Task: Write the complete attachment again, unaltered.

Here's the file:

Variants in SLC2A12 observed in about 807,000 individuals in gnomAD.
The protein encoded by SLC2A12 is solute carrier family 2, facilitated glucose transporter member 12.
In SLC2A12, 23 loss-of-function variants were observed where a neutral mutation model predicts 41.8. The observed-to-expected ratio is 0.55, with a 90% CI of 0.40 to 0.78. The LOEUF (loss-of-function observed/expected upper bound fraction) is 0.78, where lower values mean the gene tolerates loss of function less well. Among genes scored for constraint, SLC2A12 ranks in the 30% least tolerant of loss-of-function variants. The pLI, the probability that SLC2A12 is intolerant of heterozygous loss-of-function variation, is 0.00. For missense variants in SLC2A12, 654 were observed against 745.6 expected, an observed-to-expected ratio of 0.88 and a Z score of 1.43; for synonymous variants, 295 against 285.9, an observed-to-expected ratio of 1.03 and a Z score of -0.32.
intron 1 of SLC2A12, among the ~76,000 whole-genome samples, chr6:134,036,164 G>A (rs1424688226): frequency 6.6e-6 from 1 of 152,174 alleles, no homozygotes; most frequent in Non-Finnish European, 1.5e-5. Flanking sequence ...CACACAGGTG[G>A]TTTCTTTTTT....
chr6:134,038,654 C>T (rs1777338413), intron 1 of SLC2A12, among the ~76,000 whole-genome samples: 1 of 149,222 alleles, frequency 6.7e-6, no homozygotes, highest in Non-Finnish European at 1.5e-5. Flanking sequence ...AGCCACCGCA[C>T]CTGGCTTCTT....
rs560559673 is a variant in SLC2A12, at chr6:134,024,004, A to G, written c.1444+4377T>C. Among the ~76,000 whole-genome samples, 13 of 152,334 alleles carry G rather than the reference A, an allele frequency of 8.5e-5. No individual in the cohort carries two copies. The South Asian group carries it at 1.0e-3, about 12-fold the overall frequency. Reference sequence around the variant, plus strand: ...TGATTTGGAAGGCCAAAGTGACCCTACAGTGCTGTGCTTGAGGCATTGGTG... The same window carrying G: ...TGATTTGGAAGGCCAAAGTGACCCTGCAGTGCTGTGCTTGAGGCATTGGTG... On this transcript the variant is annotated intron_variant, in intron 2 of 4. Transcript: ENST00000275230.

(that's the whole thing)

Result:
Variants in SLC2A12 observed in about 807,000 individuals in gnomAD.
The protein encoded by SLC2A12 is solute carrier family 2, facilitated glucose transporter member 12.
In SLC2A12, 23 loss-of-function variants were observed where a neutral mutation model predicts 41.8. The observed-to-expected ratio is 0.55, with a 90% CI of 0.40 to 0.78. The LOEUF (loss-of-function observed/expected upper bound fraction) is 0.78, where lower values mean the gene tolerates loss of function less well. Among genes scored for constraint, SLC2A12 ranks in the 30% least tolerant of loss-of-function variants. The pLI, the probability that SLC2A12 is intolerant of heterozygous loss-of-function variation, is 0.00. For missense variants in SLC2A12, 654 were observed against 745.6 expected, an observed-to-expected ratio of 0.88 and a Z score of 1.43; for synonymous variants, 295 against 285.9, an observed-to-expected ratio of 1.03 and a Z score of -0.32.
intron 1 of SLC2A12, among the ~76,000 whole-genome samples, chr6:134,036,164 G>A (rs1424688226): frequency 6.6e-6 from 1 of 152,174 alleles, no homozygotes; most frequent in Non-Finnish European, 1.5e-5. Flanking sequence ...CACACAGGTG[G>A]TTTCTTTTTT....
chr6:134,038,654 C>T (rs1777338413), intron 1 of SLC2A12, among the ~76,000 whole-genome samples: 1 of 149,222 alleles, frequency 6.7e-6, no homozygotes, highest in Non-Finnish European at 1.5e-5. Flanking sequence ...AGCCACCGCA[C>T]CTGGCTTCTT....
rs560559673 is a variant in SLC2A12, at chr6:134,024,004, A to G, written c.1444+4377T>C. Among the ~76,000 whole-genome samples, 13 of 152,334 alleles carry G rather than the reference A, an allele frequency of 8.5e-5. No individual in the cohort carries two copies. The South Asian group carries it at 1.0e-3, about 12-fold the overall frequency. Reference sequence around the variant, plus strand: ...TGATTTGGAAGGCCAAAGTGACCCTACAGTGCTGTGCTTGAGGCATTGGTG... The same window carrying G: ...TGATTTGGAAGGCCAAAGTGACCCTGCAGTGCTGTGCTTGAGGCATTGGTG... On this transcript the variant is annotated intron_variant, in intron 2 of 4. Transcript: ENST00000275230.